It is increasingly clear to me that when romantic partners talk about having a “committed relationship” often neither one has any clue what the other one means by a committed relationship. To what, specifically, has each person committed, and for how long? Don’t you think it’s time we had some clarity about this?
Setting: Oprah show
Situation: Two 15-year-olds talking about planning on having sex together
Celebrity Relationship Coach: How long do you plan on being together?
Boy: Um, we’re in high school, so, like, maybe, six months?
Girl: (frowning) Ummm. Really? Because I was thinking, like, forever? Six months? No way I’m having sex with you if that’s what you’re thinking!
I was coaching two clients who make a great couple. They both do things that hurt the relationship, but it’s all stuff that’s easily handled, and in a few weeks of my coaching them, they’ve already made the better part of that journey. But she has an issue about his level of commitment. According to her, if they’ve been together for four years, they should stay together forever. But if they really were committed, they would get married (I’m not saying I would or they should, that’s what they expressed to me). So, until they are married, I won’t believe the full commitment is there. He’s waiting for her to be more balanced and for there to be less regularly occurring big upsets before he’s willing to propose. And indeed, if you ask her, she’ll say she’s totally committed… but then the slightest provocation that taps into her primal pain has her questioning whether she wants to be in the relationship at all!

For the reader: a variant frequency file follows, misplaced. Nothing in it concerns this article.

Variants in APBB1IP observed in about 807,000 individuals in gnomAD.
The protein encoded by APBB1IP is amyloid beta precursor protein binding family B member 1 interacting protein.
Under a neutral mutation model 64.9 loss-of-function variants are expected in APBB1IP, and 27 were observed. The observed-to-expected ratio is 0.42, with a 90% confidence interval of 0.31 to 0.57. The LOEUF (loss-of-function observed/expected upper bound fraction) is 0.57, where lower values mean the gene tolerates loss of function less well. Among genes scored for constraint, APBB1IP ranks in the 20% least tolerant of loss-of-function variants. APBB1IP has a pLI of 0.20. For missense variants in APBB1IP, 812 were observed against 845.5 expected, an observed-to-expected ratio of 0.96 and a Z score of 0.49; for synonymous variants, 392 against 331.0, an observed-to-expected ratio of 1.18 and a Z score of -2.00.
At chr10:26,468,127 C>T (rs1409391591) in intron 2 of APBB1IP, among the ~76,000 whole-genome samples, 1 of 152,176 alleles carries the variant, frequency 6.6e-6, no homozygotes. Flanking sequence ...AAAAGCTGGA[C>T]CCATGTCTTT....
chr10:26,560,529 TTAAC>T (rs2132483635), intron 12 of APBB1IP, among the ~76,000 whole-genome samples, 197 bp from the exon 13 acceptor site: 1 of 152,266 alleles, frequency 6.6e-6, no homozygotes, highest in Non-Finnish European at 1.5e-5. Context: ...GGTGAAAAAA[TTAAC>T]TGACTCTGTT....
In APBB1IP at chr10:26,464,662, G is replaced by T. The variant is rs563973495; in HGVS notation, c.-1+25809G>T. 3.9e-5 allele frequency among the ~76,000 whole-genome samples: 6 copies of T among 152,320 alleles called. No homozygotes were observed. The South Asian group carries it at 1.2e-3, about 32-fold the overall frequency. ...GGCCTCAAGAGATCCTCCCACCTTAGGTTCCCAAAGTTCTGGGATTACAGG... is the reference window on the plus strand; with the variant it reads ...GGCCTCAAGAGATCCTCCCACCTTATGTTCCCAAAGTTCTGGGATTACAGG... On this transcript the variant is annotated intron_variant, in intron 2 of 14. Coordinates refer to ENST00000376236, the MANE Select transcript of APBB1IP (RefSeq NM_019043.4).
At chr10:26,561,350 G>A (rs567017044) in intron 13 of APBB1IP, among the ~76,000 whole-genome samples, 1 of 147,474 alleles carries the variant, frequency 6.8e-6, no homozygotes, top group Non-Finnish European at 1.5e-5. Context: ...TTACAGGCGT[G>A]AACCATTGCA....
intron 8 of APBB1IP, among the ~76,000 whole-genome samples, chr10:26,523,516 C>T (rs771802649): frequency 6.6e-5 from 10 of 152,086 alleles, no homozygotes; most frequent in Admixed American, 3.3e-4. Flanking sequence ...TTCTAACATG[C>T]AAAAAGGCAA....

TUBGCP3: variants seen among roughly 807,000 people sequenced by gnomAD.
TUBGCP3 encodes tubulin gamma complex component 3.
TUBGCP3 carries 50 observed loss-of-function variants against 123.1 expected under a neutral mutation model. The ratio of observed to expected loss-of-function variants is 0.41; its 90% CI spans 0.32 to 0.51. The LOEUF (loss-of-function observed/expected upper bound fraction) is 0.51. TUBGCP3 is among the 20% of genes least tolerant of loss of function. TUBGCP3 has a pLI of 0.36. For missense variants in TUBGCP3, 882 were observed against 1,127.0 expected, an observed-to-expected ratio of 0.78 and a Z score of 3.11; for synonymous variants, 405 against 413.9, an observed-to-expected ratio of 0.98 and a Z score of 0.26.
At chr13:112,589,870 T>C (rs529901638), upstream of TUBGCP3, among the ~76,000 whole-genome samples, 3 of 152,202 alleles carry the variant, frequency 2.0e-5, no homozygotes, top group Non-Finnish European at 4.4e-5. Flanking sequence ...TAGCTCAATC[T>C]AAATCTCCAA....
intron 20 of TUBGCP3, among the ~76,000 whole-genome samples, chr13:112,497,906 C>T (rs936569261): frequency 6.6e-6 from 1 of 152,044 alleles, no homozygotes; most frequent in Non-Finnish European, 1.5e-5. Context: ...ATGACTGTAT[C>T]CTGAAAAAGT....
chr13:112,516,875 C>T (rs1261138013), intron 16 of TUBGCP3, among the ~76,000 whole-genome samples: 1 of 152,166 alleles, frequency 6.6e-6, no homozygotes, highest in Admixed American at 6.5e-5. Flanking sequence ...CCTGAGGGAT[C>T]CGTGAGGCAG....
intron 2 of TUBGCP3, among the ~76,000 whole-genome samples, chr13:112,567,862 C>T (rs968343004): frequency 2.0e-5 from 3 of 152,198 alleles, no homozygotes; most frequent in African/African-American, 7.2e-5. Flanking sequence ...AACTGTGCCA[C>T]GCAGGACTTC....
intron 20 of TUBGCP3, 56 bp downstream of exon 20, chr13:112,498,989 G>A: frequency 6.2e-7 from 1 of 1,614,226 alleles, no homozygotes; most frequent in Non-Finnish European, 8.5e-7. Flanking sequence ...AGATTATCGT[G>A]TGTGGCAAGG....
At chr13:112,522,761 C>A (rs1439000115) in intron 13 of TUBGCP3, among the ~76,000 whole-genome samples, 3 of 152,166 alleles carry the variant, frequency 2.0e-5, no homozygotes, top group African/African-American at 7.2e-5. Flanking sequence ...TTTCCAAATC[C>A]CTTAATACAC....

So, with the help of some lawyer friends (some of whom are trained in Collaborative Divorce, I drafted this Commitment Manifesto which you are free to download and use. Of course, one commitment size does not fit all, but at least here is a template from which you can craft your own.
My wise friend, Lou, distinguished that this document is more a way of saying to what kind of relationship are you committed. Many of us might not even make that distinction, but just collapse the two, and I think that’s fine.
Some may prefer to think of the Commitment Manifesto as the “doing” of commitment. Perhaps the “being” of commitment is having a very high level of integrity, and being committed to doing whatever it takes to take care of your relationship. The following short form nicely collapses the being and doing parts:
“I’m committed to staying with you (indefinitely), being faithful (no romance with other partners) and honoring you and our relationship. If I do anything that is apparently outside this commitment, I’m committed to cleaning it up, restoring your trust and doing whatever I have to do to return myself to my commitment.”
I’m anxious to know your thoughts about what constitutes commitment in a relationship.